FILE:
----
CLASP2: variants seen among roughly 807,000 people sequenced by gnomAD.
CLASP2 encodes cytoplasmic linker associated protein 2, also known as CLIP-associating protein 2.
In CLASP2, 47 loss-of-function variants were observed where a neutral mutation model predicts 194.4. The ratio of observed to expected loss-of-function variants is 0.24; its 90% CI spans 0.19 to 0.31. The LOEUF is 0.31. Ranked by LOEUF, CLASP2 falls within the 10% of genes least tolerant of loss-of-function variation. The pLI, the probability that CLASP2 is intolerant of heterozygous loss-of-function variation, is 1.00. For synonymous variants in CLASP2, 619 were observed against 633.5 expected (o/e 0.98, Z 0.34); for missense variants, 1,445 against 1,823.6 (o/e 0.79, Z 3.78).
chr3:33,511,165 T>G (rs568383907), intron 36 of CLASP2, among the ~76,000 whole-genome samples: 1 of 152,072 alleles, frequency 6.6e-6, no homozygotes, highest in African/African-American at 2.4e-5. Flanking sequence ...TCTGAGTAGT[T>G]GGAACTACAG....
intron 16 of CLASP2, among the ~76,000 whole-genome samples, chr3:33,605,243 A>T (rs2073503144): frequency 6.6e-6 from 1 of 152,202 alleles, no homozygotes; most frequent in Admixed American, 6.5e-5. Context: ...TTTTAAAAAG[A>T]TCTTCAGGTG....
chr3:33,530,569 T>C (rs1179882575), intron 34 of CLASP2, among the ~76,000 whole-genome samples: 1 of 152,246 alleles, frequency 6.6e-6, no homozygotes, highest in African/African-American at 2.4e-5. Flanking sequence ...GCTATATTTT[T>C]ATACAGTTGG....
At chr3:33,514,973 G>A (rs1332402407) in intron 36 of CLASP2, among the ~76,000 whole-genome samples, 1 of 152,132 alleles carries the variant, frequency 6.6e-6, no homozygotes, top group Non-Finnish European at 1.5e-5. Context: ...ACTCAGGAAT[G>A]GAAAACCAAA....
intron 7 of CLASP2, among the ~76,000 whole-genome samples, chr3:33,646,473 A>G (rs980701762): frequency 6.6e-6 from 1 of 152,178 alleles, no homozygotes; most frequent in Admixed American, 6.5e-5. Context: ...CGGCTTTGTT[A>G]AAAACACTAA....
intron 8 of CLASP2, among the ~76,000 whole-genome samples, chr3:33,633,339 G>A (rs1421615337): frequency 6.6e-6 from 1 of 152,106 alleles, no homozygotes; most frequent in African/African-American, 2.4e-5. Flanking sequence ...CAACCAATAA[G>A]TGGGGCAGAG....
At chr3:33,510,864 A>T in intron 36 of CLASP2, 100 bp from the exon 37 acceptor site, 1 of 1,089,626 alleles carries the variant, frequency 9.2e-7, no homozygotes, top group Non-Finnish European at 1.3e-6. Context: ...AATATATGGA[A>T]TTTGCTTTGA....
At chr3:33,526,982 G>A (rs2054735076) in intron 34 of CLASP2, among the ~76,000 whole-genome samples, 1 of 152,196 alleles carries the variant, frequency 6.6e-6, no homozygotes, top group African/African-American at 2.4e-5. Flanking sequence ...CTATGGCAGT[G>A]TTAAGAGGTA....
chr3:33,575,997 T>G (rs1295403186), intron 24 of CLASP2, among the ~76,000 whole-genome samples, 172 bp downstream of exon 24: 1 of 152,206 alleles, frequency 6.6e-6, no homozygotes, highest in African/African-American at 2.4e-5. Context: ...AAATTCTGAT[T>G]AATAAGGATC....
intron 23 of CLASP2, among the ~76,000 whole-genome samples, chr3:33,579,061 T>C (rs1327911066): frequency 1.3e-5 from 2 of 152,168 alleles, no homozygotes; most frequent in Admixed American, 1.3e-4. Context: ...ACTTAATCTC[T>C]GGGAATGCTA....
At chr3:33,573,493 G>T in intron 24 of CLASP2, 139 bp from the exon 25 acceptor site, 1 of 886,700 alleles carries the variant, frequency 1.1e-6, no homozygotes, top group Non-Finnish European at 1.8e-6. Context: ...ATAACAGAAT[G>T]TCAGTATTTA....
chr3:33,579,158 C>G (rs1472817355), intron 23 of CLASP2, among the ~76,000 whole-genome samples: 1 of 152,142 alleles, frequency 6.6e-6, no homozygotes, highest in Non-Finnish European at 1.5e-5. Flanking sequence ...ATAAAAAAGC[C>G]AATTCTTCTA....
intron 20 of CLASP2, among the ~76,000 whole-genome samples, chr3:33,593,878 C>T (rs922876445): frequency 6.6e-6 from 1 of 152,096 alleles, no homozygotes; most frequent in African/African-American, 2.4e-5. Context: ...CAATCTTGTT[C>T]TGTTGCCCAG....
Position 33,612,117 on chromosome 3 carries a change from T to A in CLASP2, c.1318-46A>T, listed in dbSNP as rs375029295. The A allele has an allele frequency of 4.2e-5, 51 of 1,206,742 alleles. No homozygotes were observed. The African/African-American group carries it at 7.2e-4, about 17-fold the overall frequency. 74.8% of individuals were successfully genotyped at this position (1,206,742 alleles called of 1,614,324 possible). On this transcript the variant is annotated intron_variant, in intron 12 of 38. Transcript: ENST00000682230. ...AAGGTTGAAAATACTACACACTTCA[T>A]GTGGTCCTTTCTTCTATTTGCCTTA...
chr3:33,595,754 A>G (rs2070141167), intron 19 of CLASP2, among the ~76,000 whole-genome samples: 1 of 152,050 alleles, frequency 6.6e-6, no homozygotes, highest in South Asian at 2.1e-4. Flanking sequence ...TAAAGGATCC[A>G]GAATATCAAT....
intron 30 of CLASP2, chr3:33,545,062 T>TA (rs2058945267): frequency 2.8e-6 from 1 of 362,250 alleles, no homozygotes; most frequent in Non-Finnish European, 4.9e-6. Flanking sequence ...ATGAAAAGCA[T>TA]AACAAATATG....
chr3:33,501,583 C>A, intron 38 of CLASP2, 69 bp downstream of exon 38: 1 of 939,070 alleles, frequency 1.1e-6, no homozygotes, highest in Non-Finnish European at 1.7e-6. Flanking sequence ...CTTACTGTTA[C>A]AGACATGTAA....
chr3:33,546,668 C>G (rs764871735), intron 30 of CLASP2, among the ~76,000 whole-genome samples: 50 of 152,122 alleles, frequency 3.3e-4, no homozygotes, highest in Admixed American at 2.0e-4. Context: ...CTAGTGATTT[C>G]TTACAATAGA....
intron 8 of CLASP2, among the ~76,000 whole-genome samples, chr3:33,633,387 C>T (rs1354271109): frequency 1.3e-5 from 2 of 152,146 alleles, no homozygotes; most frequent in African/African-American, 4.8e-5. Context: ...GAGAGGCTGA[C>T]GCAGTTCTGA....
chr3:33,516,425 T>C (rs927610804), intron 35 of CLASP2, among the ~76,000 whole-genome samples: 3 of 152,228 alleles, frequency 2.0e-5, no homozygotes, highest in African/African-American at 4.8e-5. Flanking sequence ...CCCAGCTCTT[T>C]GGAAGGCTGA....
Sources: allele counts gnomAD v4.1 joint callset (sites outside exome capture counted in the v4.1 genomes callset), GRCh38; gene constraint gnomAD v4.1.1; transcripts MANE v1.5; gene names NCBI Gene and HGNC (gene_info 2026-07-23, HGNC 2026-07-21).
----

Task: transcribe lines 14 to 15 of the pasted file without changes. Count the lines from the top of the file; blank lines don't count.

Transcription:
At chr3:33,573,493 G>T in intron 24 of CLASP2, 139 bp from the exon 25 acceptor site, 1 of 886,700 alleles carries the variant, frequency 1.1e-6, no homozygotes, top group Non-Finnish European at 1.8e-6. Context: ...ATAACAGAAT[G>T]TCAGTATTTA....
chr3:33,579,158 C>G (rs1472817355), intron 23 of CLASP2, among the ~76,000 whole-genome samples: 1 of 152,142 alleles, frequency 6.6e-6, no homozygotes, highest in Non-Finnish European at 1.5e-5. Flanking sequence ...ATAAAAAAGC[C>G]AATTCTTCTA....